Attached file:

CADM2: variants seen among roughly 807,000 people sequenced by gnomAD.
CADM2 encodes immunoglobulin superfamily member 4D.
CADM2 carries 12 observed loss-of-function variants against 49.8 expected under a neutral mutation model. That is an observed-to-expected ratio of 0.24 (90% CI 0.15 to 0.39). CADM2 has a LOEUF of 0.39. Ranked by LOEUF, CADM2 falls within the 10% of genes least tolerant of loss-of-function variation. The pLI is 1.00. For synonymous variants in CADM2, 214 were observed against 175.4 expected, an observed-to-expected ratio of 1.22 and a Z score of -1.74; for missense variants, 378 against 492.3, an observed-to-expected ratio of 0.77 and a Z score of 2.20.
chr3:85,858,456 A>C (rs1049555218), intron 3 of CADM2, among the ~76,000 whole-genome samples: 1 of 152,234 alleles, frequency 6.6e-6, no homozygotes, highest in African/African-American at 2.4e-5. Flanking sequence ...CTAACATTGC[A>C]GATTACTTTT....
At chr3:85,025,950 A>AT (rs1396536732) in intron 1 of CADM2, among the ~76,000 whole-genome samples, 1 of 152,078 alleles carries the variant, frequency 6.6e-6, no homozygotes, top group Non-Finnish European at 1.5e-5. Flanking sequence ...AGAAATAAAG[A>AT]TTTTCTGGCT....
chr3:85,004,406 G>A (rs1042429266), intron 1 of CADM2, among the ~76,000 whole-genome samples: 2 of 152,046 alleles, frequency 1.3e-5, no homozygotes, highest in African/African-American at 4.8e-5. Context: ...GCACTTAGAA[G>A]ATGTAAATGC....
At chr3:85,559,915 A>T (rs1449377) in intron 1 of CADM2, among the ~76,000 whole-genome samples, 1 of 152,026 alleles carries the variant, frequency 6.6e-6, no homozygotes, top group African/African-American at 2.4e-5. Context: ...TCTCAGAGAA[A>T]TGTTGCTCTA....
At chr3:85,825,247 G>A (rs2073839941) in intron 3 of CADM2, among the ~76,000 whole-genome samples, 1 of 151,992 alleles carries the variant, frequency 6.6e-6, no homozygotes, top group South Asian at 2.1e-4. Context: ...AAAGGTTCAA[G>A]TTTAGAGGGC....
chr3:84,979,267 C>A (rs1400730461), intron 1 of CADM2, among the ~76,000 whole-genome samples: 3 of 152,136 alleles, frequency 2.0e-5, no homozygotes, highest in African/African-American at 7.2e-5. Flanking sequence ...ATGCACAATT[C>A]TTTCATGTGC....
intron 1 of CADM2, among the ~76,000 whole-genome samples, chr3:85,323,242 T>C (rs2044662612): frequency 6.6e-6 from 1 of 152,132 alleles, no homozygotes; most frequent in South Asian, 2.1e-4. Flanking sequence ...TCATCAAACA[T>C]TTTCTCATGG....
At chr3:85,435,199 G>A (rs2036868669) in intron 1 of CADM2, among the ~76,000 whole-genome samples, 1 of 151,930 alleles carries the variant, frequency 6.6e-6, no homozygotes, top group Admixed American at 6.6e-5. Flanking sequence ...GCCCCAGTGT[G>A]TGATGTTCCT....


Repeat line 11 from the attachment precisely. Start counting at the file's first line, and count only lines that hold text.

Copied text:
At chr3:85,435,199 G>A (rs2036868669) in intron 1 of CADM2, among the ~76,000 whole-genome samples, 1 of 151,930 alleles carries the variant, frequency 6.6e-6, no homozygotes, top group Admixed American at 6.6e-5. Flanking sequence ...GCCCCAGTGT[G>A]TGATGTTCCT....